. Aaron Brock
English 4300
Spring Semester 2002

Combined Literary Media in "Klassik Komix"

"I read Steven Millhauser in a state of enchantment, quite conscious that he is seducing me with his intelligence and his craft, while leading me back to the source of imagination. Like Hawthorne, he recreates the wonder of stories for us and with us."--Maureen Howard www.centerforbookculture.org

In "Klassik Komix" Steven Millhauser uses the well-known poem, "The Love Song of J. Alfred Prufrock" by T. S. Elliot, to create an intermediary between complex poetic prose and the simplicity of the classic comic book. He uses descriptive language to beautifully capture the importance a writer's medium in the literary interpretation of his/her work while also demonstrating his love for the imagination.

 The original form of "The Love Song of J. Alfred Prufrock" is a poem, made up of poetic prose. Prose can vary in lexical makeup, which is decided by the writer, but usually consists of descriptions of subjects that allude to, and are analogous of, the underlying thoughts of the writer. This gives the lines a sense of vague beauty that allows the reader to interpret meanings in his/her own mind in contrast to simply spelling out the meanings. Poetry has the ability to evoke upon the reader a sense of reflection and deep thought in an effort to understand the message that the writer is delivering. 

 The classic comic book is a polar opposite of the complex nature of poetry. The comic book is designed for the younger reader and possesses a simplistic nature that allows the creator to use visual media combined with short written dialog to tell a story. The pictures in a comic book are an integral part of the makeup of a comic book. The pictures allow the creator to portray the protagonist and antagonist in a way that is common to all readers. This however inhibits the use of imagination by the reader. The pictures are all an artist's interpretations of the actions and settings that make up each scene. When a person reads descriptive text with no pictures, it allows the reader to build a mental picture of each scene that is unique to his/her own personality. The comic book does not allow for this expressiveness in its prefabricated structure.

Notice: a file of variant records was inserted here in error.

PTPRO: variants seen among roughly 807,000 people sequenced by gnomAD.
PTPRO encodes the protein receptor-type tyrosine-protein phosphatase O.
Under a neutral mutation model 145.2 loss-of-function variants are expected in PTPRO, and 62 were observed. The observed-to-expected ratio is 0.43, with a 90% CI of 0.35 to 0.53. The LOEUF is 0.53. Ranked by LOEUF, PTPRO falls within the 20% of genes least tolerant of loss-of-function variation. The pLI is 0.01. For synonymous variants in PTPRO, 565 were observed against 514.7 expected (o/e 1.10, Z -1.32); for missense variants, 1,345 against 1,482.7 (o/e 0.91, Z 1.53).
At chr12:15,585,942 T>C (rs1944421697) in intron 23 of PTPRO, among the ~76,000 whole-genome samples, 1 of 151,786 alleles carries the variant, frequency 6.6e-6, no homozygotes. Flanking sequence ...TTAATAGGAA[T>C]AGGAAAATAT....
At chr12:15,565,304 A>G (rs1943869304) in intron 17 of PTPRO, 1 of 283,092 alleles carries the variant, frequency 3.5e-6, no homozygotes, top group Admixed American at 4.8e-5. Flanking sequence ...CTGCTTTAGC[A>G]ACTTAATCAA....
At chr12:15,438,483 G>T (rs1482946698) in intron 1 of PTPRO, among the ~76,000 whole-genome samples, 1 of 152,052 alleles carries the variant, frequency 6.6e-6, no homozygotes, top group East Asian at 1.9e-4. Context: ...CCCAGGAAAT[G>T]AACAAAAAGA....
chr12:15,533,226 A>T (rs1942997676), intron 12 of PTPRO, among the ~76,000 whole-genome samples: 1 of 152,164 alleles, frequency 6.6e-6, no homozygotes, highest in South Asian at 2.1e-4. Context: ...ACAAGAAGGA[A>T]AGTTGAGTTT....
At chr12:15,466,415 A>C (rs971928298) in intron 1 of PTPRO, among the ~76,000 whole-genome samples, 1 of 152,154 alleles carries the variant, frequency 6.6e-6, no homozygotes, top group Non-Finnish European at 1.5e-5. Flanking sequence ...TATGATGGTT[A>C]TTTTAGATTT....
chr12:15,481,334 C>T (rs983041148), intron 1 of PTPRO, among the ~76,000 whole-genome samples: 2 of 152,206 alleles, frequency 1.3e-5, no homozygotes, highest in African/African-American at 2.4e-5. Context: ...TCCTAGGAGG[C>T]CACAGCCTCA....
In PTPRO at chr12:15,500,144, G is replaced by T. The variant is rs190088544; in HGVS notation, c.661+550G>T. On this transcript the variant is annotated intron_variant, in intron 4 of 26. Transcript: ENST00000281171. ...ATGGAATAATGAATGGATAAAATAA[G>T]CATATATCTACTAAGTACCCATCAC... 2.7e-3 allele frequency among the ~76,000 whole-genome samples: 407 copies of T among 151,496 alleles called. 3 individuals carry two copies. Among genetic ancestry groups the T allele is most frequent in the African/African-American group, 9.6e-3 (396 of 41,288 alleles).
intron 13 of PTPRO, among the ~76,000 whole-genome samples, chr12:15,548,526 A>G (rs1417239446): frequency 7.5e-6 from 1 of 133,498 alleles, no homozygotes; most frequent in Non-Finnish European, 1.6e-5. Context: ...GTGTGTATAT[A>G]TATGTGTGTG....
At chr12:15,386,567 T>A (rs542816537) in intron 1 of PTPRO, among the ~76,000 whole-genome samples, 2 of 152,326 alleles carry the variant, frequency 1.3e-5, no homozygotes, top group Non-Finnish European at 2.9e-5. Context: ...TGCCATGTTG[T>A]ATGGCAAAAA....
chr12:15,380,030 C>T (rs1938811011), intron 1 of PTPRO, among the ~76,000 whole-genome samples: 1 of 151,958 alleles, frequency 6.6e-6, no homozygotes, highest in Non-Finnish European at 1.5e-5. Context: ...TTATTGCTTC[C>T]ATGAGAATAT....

Millhauser elegantly combines these two literary vehicles in his work "Klassik Komix" in a way that simplifies the form but still allows the reader to use his/her mind to draw its own pictures. "In the room women come and go / Talking of Michelangelo"(stanza 3). Elliot uses these two simple lines to describe a room that the character, Alfred, will enter. These two sentences are very vague in their descriptive nature and leave most of the details up to the reader to fill in. Millhauser uses Panel 8 to describe the same room: